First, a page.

Has the incessant drumbeat of campaign news got you thinking about what you can do—besides vote—to improve the political functioning of the country? MIT can help. Really. Join the new Alumni Legislative Advocacy Network to keep abreast of policy initiatives pertinent to science, technology, and education—and get an alert to act when proposals are at critical decision points.

Read the NewScience Policy blog for weekly news.

Read the NewScience Policy blog for weekly news.

The network, launched in December to inform and empower interested alumni, is a joint initiative of the MIT Alumni Association and the MIT Washington DC office, established in 1991 to advocate for education and research. MIT does not lobby for itself, but it does provide a host of data to Congress and share information with MIT constituents. Earlier this month, for example, the DC office posted a new item in its Innovation Policy section, a 20-page report on the future of manufacturing, and it annually publishes the MIT Briefing Book, which profiles the Institute’s major research programs.

The Washington office also publishes a weekly blog titled NEWScience Policy, written by Abby Benson MNG ′05, SM ′05, assistant director. Yesterday’s post commented on the President’s State of the Union address, pointing out the themes of affordable college education, investment in the manufacturing and energy sectors, and tax code reform. The post links to the Blueprint for an America Built to Last, released by the White House with in-depth information on proposed policies.

The blog also tips readers to news by the day—from a Department of Defense press event about the proposed cut of $259 billion in defense spending to a Government Accountability Office report on the overlap in current and science, technology, engineering and mathematics (STEM) education programs. The blog also notes upcoming hearings.

Where is the action in advocacy? According to a talk by Benson on campus last fall, network participants can expect to be contacted by the Washington Office  two-five times a year to, for example, contact their representatives about particular policy initiatives. Of course, network volunteers are not obligated to advocate for any specific policy positions—it’s entirely a volunteer effort.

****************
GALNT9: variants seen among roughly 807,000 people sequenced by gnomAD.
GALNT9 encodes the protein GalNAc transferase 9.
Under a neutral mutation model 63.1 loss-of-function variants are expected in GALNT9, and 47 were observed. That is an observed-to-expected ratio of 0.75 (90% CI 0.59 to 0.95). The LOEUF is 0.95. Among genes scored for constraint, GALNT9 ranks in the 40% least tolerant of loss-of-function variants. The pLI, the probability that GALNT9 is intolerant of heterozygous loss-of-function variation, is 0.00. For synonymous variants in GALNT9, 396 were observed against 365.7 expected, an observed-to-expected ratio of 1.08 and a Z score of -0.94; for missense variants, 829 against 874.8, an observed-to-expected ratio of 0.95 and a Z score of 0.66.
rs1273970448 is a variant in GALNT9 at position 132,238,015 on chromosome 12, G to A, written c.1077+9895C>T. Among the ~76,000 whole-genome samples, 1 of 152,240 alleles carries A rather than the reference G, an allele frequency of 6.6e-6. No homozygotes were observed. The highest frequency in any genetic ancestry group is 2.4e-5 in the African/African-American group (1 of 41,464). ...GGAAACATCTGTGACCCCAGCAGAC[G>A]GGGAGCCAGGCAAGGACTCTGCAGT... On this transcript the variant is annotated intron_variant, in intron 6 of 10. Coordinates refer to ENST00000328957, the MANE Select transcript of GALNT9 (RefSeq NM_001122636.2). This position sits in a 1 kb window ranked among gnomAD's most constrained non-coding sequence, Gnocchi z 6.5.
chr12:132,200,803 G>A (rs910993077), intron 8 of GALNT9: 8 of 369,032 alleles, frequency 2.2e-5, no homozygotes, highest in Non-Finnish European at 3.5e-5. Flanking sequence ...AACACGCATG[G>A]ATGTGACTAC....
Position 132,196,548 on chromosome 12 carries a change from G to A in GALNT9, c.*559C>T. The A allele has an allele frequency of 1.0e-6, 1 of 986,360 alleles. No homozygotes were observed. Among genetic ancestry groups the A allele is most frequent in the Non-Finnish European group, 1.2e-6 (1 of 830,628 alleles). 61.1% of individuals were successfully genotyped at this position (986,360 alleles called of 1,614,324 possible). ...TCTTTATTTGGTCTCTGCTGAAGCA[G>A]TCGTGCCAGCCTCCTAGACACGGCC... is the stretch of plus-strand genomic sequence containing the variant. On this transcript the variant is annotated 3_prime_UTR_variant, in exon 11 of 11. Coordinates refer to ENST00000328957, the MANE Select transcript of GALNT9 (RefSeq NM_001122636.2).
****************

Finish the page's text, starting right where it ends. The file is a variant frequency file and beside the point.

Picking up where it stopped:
So how can you take action? Just log in to the MIT Alumni Infinite Connection, navigate to the Alumni Legislative Advocacy Network, and sign up to connect with alumni who want to speak out.

Editor’s note: In honor of MIT’s Independent Activities Period (IAP) in January, Slice is focusing on activities you can do yourself and on the experiences of students serving this month as externs with alumni in their workplaces. Stay tuned!


MIThenge evokes ancient rituals.

MIThenge evokes ancient rituals.

MIThenge, among the time-honored rituals of campus life, is as close to sun worship as the campus community gets. In mid-November and late January, the circular path of the sun crosses the axis of the Infinite Corridor. The setting sun can then be viewed from the far end of the corridor, evoking the mysterious wonder of Stonehenge. It’s a little bit of campus magic—and it has rolled around again.

The next sighting of this seasonal phenomenon is set for this Monday and Tuesday. If you are nearby, swing by the Infinite Corridor and see it in person.

  • January 30, 2012: from 4:46:00 p.m. to 4:52:30 p.m.
  • January 31, 2012: from 4:47:30 p.m. to 4:53:30 p.m.

For others, here’s how to celebrate from afar.

Visit the revised MIThenge site webpage, originally prepared by Ken Olum PhD ’97, now a Tufts faculty member, and maintained by Keith Winstein ’04, MNG ’05, back on campus as a CSAIL grad student. Go the site for viewing tips, get an update on the azimuth controversy, and see photos from the November 2011 sighting as well as older images.

Read the Slice of MIT post to find out how MIThenge got its start. Hint: the phenomenon was only discovered, calculated, and publicized in 1975-76.

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Late last year, Science Magazine invited the “next generation of scientists” to answer the questions, “How will the practice of science change in your lifetime?” and “What will improve and what new challenges will emerge?” The queries kicked off Science Magazine’s new section, NextGen VOICES, and highlighted the need for young scientific voices to address the critical challenges in an increasingly resource-limited world. The top 50 responses were posted in the January 2012 edition, which included four MIT graduate students.